1902 Encyclopedia > Aesthetics > "Aesthetics" - Definition. Two Approaches to Aesthetics.

Aesthetics
(Part 1)



(A) INTRODUCTION

"Aesthetics" - Definition. Two Approaches to Aesthetics.

AESTHETICS (American spelling: Esthetics) is the term now employed to designate the theory of the Fine Arts – the science of the Beautiful, with its allied conceptions and emotions. The province of the science is not, however, very definitely fixed, and there is still some ambiguity about the meaning of the term, arising from its etymology and various use. The word aesthetic, in its original Greek form (aisthetikos, Gk.)), means anything that has to do with perception by the senses, and this wider connotation was retained by Kant, who, under the title Transcendental Aesthetic, treats of the a priori principles of all sensuous knowledge. The limitation of the term to the comparatively narrow class of sensations and perceptions occupied with the Beautiful and its allied properties is due to the Germans, and primarily to Baumgarten, who started from the supposition that, just as truth is the end and perfection of pure knowledge or the understanding, and good that of the will, so beauty must be the supreme aim of all sensuous knowledge. Yet, spite of these sources of vagueness in the subject and its name, some considerable part of the theory can be looked upon as pretty clearly defined, and it may be possible, by mean of careful reflection on this ascertainable quantity, to indicate, roughly at least, the extent and boundaries of a complete system of aesthetic doctrine.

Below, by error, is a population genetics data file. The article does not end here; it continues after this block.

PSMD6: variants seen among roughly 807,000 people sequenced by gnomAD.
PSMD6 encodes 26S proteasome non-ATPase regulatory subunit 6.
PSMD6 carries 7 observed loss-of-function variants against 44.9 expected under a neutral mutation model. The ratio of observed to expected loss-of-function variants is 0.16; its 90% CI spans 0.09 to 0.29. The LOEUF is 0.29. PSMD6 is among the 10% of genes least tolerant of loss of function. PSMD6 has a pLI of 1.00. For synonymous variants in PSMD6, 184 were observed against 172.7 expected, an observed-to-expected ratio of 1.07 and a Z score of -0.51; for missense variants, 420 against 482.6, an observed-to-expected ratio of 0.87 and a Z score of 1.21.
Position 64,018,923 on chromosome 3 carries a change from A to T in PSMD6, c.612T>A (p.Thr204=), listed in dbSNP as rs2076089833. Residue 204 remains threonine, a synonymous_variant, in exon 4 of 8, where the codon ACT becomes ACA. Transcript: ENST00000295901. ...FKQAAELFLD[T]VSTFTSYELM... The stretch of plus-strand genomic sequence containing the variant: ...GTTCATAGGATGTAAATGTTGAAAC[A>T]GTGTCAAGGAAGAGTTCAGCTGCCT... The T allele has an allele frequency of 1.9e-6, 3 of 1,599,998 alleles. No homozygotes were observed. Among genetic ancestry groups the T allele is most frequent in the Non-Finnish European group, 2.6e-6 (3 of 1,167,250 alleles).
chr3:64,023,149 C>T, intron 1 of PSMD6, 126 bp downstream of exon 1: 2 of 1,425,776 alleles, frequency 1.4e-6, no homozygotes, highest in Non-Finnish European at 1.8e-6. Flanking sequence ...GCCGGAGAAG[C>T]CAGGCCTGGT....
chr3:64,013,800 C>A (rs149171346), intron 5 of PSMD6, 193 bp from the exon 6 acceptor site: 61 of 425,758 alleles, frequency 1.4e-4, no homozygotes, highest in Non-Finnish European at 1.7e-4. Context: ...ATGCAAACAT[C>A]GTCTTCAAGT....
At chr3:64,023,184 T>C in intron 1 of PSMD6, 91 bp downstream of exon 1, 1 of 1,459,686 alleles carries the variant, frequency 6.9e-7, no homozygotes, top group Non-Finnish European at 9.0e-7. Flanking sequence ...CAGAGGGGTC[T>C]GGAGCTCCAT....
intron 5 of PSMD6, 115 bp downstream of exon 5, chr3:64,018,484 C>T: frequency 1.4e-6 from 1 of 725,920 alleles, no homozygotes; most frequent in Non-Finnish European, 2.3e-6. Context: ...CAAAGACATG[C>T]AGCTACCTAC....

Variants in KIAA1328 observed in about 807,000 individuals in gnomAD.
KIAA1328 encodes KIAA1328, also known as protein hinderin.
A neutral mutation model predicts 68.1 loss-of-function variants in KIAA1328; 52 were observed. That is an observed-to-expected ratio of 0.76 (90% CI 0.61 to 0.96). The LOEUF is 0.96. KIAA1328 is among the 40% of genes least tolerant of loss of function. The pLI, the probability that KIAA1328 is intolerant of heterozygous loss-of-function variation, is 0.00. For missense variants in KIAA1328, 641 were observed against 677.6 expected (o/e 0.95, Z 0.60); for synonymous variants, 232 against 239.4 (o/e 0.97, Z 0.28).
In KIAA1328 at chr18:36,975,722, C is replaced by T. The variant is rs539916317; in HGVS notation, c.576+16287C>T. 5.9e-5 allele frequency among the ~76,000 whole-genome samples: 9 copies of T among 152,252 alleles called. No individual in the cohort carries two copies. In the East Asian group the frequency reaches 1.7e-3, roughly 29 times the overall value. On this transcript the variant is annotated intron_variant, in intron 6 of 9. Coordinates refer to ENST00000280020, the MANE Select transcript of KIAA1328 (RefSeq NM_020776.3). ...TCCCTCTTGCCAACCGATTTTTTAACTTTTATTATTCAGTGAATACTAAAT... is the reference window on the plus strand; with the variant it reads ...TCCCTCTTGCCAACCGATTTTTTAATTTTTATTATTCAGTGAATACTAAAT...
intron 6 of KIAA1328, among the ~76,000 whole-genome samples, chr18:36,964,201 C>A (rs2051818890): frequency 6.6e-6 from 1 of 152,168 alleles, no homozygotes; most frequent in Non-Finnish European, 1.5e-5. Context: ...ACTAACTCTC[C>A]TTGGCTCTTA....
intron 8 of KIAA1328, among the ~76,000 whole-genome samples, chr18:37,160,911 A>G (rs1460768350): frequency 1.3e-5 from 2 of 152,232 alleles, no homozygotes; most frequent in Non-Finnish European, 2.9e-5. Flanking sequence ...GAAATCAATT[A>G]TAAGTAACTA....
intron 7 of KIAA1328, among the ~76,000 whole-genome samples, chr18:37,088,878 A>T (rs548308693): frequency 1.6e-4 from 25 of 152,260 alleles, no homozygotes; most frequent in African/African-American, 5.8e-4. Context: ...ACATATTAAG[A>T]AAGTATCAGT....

A very brief survey of what has been written under the name aesthetics is sufficient to show that it includes, as its first and foremost problem, the determination of the nature and laws of Beauty, including along with the Beautiful, in its narrower signification, its kindred subjects, the Sublime and the Ludicrous. To discover what it is in things which makes them beautiful or ugly, sublime or ludicrous, is one constant factor in the aesthetic problem. Intimately connected with this objective question is the subjective and psychological inquiry into the nature of the feelings and ideas that have beauty for their object. Further, it will be found that all attempts to construct a complete aesthetic theory aim at determining the highest ends of the Fine Arts (which obviously concern themselves largely, if not exclusively, with the Beautiful), and at marking out the distinctions and tracing the dependencies of natural and artistic beauty. All this part of the field of aesthetic inquiry seems fairly agreed on, and it is only when we approach other sides of the Fine Arts that the precise scope of the science appears obscure. But while there is this measure of agreement as to the proper subject matter of aesthetics, we find two diametrically opposed methods of approaching it, which distinctly colour all parts of the doctrine arrived at, and impose different limitations to the boundaries of the subject. The first is the metaphysical or a priori method; the second the scientific or empirical method. The one reasons deductively from ultra-scientific conceptions respecting the ultimate nature of the universe and human intelligence, and seeks to explain the phenomena of beauty and art by help of these. The other proceeds inductively from the considerable of these phenomena, as facts capable of being compared, classified, and brought under certain uniformities. At the same time, it must not be supposed that either method is customarily pursued in complete independence of the other. The most subtle exponent of transcendentalism in art appeals to generalizations drawn from the facts of art; nor have the professedly scientific critics often abstained from introducing conceptions and hypotheses of a metaphysical character.





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